Woyanne finds a scapegoat for its failures in Somalia – NAIROBI (AFP)
Ethiopia, whose forces toppled an Islamist regime in Mogadishu two years ago, on Tuesday blamed the failure to restore stability in Somalia on the transitional rulers it helped bring to power. (more…)
Ethiopia, whose forces toppled an Islamist regime in Mogadishu two years ago, on Tuesday blamed the failure to restore stability in Somalia on the transitional rulers it helped bring to power.
“Somalia’s problems are not security, but political,” said Foreign Minister Seyoum Mesfin at a meeting of governments in the region focused on Somalia.
Seyoum said President Abdullahi Yusuf Ahmed and his successive prime ministers had “not managed to create any institutions of governance to speak of” since they came to power in December 2006.
“The continuing feud within the leadership … had contributed to the paralysis of the TFG,” he added in reference to the transitional federal government.
The TFG, headed by the one-time warlord Yusuf, was formally established in 2004 but its remit never extended beyond the backwater of Baidoa until the Ethiopian army invaded Somalia nearly two years ago.
The toppling of an Islamist group that had taken control of large parts of the country and started to impose a tough form of Sharia law brought Yusuf to power but did little to restore calm to a country that has been wracked by violence since the 1991 ouster of strongman Mohamed Siad Barre.
Somalia’s transitional federal charter expires next year when a new constitution is to be drafted and elections held although there is widespread scepticism over whether polls can take place amid the rampant insecurity.
Despite pledges from some African governments, only Uganda has contributed significant numbers to a peacekeeping force which has failed to halt a campaign of guerrilla warfare being waged by an even more radical Islamist faction.
“In all honesty, the international community can hardly be proud of its record in Somalia,” Seyoum said.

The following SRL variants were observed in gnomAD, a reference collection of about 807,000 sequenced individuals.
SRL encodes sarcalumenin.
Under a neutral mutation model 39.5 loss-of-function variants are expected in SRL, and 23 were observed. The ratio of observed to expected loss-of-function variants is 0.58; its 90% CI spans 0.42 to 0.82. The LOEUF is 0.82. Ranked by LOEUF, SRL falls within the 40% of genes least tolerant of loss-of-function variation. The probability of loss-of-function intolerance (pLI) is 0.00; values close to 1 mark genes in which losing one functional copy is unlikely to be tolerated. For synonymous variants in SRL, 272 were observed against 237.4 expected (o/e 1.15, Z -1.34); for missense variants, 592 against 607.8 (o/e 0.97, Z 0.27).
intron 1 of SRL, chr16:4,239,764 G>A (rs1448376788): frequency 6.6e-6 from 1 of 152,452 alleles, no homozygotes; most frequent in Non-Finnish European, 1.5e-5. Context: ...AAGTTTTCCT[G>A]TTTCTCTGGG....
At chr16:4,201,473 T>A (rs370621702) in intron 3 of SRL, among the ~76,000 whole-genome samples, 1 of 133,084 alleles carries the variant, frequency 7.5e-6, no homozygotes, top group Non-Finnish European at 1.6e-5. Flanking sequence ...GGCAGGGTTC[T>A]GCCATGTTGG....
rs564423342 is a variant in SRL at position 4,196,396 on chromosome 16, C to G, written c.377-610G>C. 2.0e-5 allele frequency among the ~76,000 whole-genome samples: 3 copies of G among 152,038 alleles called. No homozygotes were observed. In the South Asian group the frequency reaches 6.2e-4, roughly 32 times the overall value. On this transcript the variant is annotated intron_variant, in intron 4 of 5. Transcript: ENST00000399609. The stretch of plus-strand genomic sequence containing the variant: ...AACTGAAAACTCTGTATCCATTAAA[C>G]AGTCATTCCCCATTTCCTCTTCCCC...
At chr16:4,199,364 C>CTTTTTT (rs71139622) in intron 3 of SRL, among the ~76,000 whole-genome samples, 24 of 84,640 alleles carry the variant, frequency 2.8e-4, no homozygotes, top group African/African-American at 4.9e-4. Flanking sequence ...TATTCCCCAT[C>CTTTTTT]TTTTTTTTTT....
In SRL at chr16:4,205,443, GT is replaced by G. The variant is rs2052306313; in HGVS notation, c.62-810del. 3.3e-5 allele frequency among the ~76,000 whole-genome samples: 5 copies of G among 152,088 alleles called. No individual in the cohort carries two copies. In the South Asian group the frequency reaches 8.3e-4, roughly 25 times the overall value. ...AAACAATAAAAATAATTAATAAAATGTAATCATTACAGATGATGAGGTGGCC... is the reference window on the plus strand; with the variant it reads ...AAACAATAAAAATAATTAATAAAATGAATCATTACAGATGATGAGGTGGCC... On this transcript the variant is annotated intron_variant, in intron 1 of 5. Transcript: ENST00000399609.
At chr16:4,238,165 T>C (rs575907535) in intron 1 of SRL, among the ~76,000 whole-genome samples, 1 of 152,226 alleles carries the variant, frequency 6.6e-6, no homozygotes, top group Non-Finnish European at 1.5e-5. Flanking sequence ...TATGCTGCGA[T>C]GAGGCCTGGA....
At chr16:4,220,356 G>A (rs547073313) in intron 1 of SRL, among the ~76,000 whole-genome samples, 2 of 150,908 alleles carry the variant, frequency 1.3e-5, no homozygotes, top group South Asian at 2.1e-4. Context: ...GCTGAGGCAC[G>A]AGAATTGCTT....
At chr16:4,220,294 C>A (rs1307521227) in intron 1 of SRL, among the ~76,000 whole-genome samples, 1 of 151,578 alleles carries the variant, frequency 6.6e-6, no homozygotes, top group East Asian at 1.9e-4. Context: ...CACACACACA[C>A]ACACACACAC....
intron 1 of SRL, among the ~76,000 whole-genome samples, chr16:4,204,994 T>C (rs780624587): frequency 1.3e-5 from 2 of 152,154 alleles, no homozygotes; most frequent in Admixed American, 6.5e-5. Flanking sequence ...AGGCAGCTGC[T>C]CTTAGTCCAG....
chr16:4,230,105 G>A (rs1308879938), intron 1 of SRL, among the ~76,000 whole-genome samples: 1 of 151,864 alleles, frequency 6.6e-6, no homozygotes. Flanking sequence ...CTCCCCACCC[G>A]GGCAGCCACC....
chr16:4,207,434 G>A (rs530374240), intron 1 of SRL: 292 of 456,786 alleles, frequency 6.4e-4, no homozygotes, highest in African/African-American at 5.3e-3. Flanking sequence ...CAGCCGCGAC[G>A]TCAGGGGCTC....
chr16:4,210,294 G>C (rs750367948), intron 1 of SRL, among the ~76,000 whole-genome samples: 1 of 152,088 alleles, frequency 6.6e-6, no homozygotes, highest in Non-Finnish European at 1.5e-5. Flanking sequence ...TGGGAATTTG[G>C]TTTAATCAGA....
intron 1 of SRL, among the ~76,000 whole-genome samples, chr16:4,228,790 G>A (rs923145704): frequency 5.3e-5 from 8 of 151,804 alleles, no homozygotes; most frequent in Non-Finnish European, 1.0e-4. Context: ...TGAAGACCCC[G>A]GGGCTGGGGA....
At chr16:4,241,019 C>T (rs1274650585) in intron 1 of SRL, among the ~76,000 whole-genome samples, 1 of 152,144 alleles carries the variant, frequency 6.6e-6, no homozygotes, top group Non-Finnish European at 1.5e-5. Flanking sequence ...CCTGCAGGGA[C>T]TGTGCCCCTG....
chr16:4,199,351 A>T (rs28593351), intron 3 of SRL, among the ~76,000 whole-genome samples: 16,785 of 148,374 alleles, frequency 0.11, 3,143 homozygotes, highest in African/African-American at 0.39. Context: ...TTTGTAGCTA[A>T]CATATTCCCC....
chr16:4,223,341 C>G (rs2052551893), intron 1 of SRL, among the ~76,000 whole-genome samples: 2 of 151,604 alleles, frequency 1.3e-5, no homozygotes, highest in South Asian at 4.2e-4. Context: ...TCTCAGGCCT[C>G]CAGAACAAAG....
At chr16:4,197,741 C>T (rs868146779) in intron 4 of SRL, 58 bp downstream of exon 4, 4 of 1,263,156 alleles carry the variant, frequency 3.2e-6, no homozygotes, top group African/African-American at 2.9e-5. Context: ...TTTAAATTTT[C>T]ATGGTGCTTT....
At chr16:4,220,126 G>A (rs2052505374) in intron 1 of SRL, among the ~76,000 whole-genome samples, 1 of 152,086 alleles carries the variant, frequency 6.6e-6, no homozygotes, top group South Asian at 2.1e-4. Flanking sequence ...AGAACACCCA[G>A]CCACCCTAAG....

“But this is no excuse for the kind of egregious lack of responsible behaviour that we continue to witness on the part of all those in positions of authority in Somalia.”
Yusuf was in open disagreement with Ali Mohamed Gedi, the TFG’s first prime minister who eventually had to resign exactly a year ago.
Gedi’s successor Nur Hassan Hussein has also had his differences with the president and survived a no-confidence vote last month.
On Sunday, a UN-sponsored peace process in Djibouti announced that a deal had been signed by the transitional government and the main Islamist-dominated political opposition group.
The agreement provides for a ceasefire and an Ethiopian troop pullback to begin next month, with security responsibilities gradually handed over to Somali police until a UN peacekeeping force is deployed.
The main Islamist insurgent group, which now controls most of southern and central Somalia, rejected the announcement and vowed to continue its armed struggle.
The Shebab, the main insurgent group, accuse the conservative Christian regime in Addis Ababa of being engaged in a crusade against Muslim Somalia and have refused to negotiate before a full withdrawal is completed.
In recent weeks, Ethiopian troops have been less visible on the streets of Mogadishu and Addis Ababa has been sending mixed signals on the future of its presence in the country.
Experts say Ethiopia is mulling its exit strategy from the Somali quagmire and argue that a pullback has effectively already started.
“The Ethiopians have definitely been planning some form of military pullback. We just don’t know exactly on what scale,” said one expert, who did not wish to be named to ensure his security when he travels to Somalia.
The expert believes the pullback announced on Sunday could entail a redeployment to a handful of locations in Somalia, with a handover of security duties in Mogadishu to the African peacekeeping force and Somali police.
“Of course no one could assume that, speaking now on behalf of my country, Ethiopia will continue to keep its troops in Somalia,” Seyoum said in Nairobi.
Yet Ethiopian Prime Minister Meles Zenawi, who is not attending the Nairobi summit, said earlier this month that he would not hesitate to send his army back in if the Islamists took power.